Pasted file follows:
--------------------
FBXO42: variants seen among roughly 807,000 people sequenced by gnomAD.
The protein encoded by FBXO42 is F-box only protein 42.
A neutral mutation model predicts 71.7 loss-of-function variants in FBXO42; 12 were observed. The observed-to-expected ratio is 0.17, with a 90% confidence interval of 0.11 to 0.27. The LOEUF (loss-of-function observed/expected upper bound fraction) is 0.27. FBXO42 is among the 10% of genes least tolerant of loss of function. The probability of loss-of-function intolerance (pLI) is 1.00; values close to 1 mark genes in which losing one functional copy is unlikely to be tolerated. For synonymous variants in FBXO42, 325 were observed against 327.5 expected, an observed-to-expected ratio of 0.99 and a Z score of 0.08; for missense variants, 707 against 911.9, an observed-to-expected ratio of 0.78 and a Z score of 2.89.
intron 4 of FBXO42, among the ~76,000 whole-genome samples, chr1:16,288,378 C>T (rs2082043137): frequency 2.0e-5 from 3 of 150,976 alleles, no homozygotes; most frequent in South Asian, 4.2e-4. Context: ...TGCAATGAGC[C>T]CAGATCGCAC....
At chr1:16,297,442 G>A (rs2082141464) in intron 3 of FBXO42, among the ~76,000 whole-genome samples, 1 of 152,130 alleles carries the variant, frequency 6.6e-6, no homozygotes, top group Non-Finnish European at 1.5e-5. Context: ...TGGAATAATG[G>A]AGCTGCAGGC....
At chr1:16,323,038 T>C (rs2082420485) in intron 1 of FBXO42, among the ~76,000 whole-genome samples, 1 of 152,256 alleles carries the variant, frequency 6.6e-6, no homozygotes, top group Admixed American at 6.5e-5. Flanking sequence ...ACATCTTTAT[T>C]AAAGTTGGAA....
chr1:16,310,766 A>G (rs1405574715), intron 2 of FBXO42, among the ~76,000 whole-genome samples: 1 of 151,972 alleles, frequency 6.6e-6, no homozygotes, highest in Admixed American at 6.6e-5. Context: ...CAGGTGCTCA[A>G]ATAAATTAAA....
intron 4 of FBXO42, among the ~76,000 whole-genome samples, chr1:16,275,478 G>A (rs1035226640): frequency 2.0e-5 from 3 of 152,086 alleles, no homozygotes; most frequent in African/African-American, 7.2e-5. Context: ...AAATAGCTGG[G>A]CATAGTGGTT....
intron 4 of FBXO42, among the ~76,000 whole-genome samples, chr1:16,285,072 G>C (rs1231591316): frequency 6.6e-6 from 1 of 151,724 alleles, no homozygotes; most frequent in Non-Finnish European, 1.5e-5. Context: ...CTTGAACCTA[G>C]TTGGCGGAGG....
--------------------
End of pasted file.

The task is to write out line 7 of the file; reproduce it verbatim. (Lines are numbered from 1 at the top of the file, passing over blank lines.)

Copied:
chr1:16,310,766 A>G (rs1405574715), intron 2 of FBXO42, among the ~76,000 whole-genome samples: 1 of 151,972 alleles, frequency 6.6e-6, no homozygotes, highest in Admixed American at 6.6e-5. Context: ...CAGGTGCTCA[A>G]ATAAATTAAA....